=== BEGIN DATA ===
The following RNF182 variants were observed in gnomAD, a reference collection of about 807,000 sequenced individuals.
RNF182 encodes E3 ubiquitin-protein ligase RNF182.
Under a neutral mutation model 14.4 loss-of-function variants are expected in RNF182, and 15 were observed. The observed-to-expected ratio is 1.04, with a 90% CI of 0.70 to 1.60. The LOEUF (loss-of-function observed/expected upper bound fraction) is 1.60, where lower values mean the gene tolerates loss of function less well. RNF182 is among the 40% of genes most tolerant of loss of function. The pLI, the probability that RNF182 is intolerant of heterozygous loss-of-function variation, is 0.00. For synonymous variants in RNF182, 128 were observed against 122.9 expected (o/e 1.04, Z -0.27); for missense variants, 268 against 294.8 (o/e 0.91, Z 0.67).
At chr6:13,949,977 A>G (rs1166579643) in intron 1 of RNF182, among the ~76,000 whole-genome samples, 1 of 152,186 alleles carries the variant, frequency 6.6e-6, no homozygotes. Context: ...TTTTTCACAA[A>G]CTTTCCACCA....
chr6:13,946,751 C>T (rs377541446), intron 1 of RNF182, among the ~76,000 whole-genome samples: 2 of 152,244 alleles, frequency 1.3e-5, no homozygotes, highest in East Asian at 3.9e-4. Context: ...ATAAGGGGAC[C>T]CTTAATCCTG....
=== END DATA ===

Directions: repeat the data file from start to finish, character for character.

The following RNF182 variants were observed in gnomAD, a reference collection of about 807,000 sequenced individuals.
RNF182 encodes E3 ubiquitin-protein ligase RNF182.
Under a neutral mutation model 14.4 loss-of-function variants are expected in RNF182, and 15 were observed. The observed-to-expected ratio is 1.04, with a 90% CI of 0.70 to 1.60. The LOEUF (loss-of-function observed/expected upper bound fraction) is 1.60, where lower values mean the gene tolerates loss of function less well. RNF182 is among the 40% of genes most tolerant of loss of function. The pLI, the probability that RNF182 is intolerant of heterozygous loss-of-function variation, is 0.00. For synonymous variants in RNF182, 128 were observed against 122.9 expected (o/e 1.04, Z -0.27); for missense variants, 268 against 294.8 (o/e 0.91, Z 0.67).
At chr6:13,949,977 A>G (rs1166579643) in intron 1 of RNF182, among the ~76,000 whole-genome samples, 1 of 152,186 alleles carries the variant, frequency 6.6e-6, no homozygotes. Context: ...TTTTTCACAA[A>G]CTTTCCACCA....
chr6:13,946,751 C>T (rs377541446), intron 1 of RNF182, among the ~76,000 whole-genome samples: 2 of 152,244 alleles, frequency 1.3e-5, no homozygotes, highest in East Asian at 3.9e-4. Context: ...ATAAGGGGAC[C>T]CTTAATCCTG....